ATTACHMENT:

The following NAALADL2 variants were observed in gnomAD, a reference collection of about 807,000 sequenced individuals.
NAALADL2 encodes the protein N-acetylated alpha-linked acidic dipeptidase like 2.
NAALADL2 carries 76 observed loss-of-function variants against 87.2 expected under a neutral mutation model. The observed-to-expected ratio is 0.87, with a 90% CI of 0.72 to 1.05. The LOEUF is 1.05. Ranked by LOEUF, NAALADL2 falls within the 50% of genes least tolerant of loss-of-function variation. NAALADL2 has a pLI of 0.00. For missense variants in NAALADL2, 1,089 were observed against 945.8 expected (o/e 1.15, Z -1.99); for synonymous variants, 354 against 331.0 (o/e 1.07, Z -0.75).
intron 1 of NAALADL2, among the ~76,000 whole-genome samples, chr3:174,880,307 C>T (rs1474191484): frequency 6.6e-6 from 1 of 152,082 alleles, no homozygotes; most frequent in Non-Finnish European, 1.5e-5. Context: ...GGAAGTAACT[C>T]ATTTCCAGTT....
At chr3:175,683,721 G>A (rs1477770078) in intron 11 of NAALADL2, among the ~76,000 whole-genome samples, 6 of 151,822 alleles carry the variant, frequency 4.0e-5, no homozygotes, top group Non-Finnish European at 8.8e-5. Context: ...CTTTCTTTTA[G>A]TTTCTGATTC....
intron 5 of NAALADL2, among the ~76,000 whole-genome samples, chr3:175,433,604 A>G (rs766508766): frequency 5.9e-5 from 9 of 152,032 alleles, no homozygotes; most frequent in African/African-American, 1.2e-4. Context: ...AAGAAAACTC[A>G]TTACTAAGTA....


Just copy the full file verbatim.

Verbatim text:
The following NAALADL2 variants were observed in gnomAD, a reference collection of about 807,000 sequenced individuals.
NAALADL2 encodes the protein N-acetylated alpha-linked acidic dipeptidase like 2.
NAALADL2 carries 76 observed loss-of-function variants against 87.2 expected under a neutral mutation model. The observed-to-expected ratio is 0.87, with a 90% CI of 0.72 to 1.05. The LOEUF is 1.05. Ranked by LOEUF, NAALADL2 falls within the 50% of genes least tolerant of loss-of-function variation. NAALADL2 has a pLI of 0.00. For missense variants in NAALADL2, 1,089 were observed against 945.8 expected (o/e 1.15, Z -1.99); for synonymous variants, 354 against 331.0 (o/e 1.07, Z -0.75).
intron 1 of NAALADL2, among the ~76,000 whole-genome samples, chr3:174,880,307 C>T (rs1474191484): frequency 6.6e-6 from 1 of 152,082 alleles, no homozygotes; most frequent in Non-Finnish European, 1.5e-5. Context: ...GGAAGTAACT[C>T]ATTTCCAGTT....
At chr3:175,683,721 G>A (rs1477770078) in intron 11 of NAALADL2, among the ~76,000 whole-genome samples, 6 of 151,822 alleles carry the variant, frequency 4.0e-5, no homozygotes, top group Non-Finnish European at 8.8e-5. Context: ...CTTTCTTTTA[G>A]TTTCTGATTC....
intron 5 of NAALADL2, among the ~76,000 whole-genome samples, chr3:175,433,604 A>G (rs766508766): frequency 5.9e-5 from 9 of 152,032 alleles, no homozygotes; most frequent in African/African-American, 1.2e-4. Context: ...AAGAAAACTC[A>G]TTACTAAGTA....